Although the majority of adult teleosts excrete most of their nitrogenous wastes as ammonia, several fish species are capable of producing urea early in their development. In zebrafish, it is unclear if this results from a functional ornithine-urea cycle (O-UC) and, if so, how it might be regulated. This study examined the spatiotemporal patterns of gene expression of four major O-UC enzymes, carbamoyl phosphate synthase III (CPSIII), ornithine transcarboxylase, arginosuccinate synthetase and arginosuccinate lyase, using real-time PCR and whole mount in situ hybridization. In addition, we hypothesized that the gene expression of CPSIII was epigenetically regulated through methylation of its promoter. Further, to assess the functionality of CPSIII, we used morpholinos to silence CPSIII in zebrafish embryos and assessed their nitrogenous waste handling during development, and in response to an ammonia injection. Our results suggest that O-UC enzymes mRNAs are expressed early in zebrafish development, and colocalize to the embryonic endoderm. In addition, the methylation status of CPSIII promoter is not consistent with the patterns of expression observed in developing larvae or adult tissues, suggesting other means of transcriptional regulation of this key enzyme. Finally, CPSIII morphants exhibited a transient reduction in CPSIII enzyme activity at 24 hours post fertilization, which was paralleled by a reduction in urea production during development and in response to an ammonia challenge. Overall, we conclude that the O-UC is functional in zebrafish embryos, providing further evidence that the capacity to produce urea via the O-UC is widespread in developing teleosts.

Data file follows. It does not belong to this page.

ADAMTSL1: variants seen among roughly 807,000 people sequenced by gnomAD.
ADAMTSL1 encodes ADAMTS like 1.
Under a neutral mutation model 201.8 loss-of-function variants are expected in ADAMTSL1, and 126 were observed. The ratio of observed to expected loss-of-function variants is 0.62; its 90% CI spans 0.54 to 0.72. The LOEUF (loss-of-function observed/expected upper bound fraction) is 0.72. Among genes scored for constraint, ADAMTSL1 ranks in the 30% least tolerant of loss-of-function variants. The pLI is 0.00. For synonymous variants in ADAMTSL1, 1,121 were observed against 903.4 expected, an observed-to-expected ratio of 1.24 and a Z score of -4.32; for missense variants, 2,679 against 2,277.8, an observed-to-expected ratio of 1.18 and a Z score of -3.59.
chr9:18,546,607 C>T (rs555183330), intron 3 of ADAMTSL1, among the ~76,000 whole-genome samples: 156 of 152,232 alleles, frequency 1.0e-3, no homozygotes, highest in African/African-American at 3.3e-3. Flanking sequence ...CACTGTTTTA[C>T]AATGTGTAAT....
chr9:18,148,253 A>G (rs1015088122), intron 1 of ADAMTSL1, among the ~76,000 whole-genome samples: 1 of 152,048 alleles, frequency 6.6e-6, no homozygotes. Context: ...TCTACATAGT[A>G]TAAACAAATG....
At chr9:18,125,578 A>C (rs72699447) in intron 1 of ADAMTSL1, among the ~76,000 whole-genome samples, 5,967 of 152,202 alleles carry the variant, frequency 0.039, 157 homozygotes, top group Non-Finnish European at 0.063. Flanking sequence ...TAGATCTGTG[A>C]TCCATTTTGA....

- nitrogen metabolism
- ammonia challenge
- Copyright © 2012, American Journal of Physiology - Regulatory, Integrative and Comparative Physiology